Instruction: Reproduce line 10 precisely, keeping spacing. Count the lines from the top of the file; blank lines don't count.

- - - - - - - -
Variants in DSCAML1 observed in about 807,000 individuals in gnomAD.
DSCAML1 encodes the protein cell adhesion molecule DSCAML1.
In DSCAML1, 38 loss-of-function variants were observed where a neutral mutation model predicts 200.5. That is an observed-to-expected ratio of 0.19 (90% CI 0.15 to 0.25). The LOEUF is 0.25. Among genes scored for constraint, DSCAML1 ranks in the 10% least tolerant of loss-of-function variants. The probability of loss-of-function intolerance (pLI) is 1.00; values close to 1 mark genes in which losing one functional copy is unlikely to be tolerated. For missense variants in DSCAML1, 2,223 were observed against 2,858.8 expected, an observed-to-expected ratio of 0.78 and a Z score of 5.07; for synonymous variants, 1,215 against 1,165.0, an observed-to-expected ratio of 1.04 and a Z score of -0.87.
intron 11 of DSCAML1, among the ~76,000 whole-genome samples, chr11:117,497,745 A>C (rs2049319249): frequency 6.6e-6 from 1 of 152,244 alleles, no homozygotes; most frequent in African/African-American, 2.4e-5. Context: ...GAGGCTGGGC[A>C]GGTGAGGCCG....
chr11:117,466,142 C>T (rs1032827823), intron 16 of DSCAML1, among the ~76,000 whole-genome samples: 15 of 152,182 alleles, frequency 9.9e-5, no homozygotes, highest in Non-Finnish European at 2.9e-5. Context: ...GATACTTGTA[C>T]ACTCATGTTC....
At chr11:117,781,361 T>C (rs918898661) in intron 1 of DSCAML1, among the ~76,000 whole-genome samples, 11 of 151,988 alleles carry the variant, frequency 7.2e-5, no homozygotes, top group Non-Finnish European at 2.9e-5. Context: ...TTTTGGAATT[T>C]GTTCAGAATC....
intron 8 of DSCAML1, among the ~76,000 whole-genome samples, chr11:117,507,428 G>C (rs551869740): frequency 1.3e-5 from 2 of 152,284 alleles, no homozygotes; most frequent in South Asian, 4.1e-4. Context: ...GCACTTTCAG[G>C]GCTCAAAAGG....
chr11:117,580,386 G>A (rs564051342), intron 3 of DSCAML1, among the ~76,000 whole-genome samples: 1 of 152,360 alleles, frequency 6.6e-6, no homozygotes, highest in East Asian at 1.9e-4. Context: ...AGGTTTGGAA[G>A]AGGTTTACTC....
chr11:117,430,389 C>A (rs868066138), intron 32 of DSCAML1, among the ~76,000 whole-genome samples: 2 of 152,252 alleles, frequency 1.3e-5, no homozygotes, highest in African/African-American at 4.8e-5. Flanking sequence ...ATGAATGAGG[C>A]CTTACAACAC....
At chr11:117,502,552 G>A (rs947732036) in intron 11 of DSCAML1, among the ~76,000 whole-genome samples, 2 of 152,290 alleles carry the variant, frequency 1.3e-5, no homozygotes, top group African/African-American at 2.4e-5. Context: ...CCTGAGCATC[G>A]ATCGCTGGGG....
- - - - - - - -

At chr11:117,502,552 G>A (rs947732036) in intron 11 of DSCAML1, among the ~76,000 whole-genome samples, 2 of 152,290 alleles carry the variant, frequency 1.3e-5, no homozygotes, top group African/African-American at 2.4e-5. Context: ...CCTGAGCATC[G>A]ATCGCTGGGG....